1 cup avocado or vegetable oil
1 teaspoon fennel seeds
- In a small bowl, add warm water to yeast, sugar and salt. Cover and leave to proof for 10 to 15 minutes.
- In a stand mixer, add flour, oil, water, fennel seeds and yeast mixture and mix until a dough is formed.
- Remove dough from mixer bowl and knead the dough by hand until it is smooth and stretchy.
- Place the dough in an an oiled bowl, then rub some oil on top of the dough. Cover with a kitchen towel, set aside in a warm spot for 1 hour.
- Remove the dough and knead for 2 minutes. Return to the bowl and let stand for 25 minutes.
- Preheat oven to 375°F.
- Divide the dough into four pieces. Grease hands with oil, pinch the dough into golf ball size balls and roll till smooth. Lay the dough balls on a greased baking sheet.
- Place a ball of dough into the palm of your hand, make a deep indentation into the dough and place half a tablespoon of date filling in the hole.
- Pinch dough closed, dip the ball into the egg mixture, then roll in sesame seeds.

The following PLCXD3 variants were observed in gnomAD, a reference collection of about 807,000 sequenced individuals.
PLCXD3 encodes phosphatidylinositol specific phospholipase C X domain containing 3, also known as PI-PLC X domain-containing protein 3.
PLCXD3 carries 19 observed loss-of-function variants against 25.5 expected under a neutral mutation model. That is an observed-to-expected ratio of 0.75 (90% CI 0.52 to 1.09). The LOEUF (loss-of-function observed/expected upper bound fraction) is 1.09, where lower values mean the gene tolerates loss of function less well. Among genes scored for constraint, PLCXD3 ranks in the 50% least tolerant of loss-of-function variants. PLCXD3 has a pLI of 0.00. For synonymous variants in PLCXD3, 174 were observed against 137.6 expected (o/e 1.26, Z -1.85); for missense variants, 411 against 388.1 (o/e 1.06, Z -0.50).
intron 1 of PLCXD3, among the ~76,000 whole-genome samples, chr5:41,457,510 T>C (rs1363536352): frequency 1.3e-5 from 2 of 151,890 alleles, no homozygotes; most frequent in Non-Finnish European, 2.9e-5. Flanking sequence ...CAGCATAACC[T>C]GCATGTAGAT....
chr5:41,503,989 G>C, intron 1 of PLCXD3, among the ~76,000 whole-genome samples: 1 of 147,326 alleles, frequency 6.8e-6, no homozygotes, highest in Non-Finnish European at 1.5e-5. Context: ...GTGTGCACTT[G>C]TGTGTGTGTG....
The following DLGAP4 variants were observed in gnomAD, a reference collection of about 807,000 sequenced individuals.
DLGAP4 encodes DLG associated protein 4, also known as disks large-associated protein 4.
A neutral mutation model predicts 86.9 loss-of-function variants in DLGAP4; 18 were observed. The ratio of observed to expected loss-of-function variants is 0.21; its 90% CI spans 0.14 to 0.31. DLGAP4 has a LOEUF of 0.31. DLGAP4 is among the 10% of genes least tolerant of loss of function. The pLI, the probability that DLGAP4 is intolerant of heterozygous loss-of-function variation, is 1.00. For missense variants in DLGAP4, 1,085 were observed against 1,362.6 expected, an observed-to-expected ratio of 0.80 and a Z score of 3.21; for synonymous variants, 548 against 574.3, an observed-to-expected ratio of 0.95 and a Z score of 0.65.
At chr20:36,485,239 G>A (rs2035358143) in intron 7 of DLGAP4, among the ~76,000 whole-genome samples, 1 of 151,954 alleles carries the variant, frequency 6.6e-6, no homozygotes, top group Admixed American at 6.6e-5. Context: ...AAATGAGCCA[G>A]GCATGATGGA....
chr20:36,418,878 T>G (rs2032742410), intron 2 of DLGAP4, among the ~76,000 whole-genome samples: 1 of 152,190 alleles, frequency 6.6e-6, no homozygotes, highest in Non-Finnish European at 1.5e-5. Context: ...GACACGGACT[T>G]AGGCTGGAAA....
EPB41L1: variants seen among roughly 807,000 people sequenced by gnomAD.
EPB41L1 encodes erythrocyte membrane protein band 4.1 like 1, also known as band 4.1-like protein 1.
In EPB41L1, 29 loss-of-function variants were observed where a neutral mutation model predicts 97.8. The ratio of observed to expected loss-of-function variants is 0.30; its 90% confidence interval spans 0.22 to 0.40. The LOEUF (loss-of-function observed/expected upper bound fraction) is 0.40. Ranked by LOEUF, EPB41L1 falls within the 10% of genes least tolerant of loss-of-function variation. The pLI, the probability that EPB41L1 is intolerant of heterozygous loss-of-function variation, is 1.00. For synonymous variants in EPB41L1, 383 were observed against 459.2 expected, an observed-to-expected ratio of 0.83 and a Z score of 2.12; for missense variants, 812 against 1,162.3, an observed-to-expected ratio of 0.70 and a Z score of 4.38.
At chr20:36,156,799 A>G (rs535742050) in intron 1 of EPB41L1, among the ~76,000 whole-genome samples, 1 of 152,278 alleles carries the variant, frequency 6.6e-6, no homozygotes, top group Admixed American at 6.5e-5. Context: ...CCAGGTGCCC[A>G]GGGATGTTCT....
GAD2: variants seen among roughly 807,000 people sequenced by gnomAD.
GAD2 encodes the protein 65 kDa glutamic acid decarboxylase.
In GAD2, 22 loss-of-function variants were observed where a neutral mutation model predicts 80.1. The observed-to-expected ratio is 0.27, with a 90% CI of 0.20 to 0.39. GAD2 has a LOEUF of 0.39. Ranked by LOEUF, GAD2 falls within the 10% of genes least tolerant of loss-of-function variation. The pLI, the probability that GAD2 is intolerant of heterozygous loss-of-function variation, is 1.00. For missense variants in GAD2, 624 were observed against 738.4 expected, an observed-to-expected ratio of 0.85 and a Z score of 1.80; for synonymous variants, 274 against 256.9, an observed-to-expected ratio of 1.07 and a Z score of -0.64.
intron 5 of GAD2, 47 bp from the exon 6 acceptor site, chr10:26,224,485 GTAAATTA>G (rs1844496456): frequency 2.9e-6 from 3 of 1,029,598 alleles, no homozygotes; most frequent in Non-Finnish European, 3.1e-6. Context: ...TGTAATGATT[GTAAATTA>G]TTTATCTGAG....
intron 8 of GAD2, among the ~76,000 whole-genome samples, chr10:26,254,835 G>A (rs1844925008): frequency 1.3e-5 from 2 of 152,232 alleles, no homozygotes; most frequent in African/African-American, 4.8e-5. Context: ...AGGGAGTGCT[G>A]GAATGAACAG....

- With a small rolling pin, roll the ball flat until it is about 4 inches in diameter. With the end of the rolling pin, make a few indentations in the center of the cookie. Place cookies on a baking sheet. Repeat until all dough and date filling are used.
- Bake for 12 to 15 minutes, until golden and crispy.
Lately, I have been nostalgic for fijuelas, the fried crispy delicate sweet treat that my mother made every Purim. My mother would prepare the light dough and stand in front of the stove, quickly frying batch after batch of perfectly uniform strips of dough into rolled fijuelas. Then she would dip them into a lemon-scented sugar honey syrup. While they go by many different names—fijuelas, fazuelas, hojuelos—they are an iconic pastry common to the cuisines of Sephardic Jews from Spain to North Africa, from Italy to Argentina.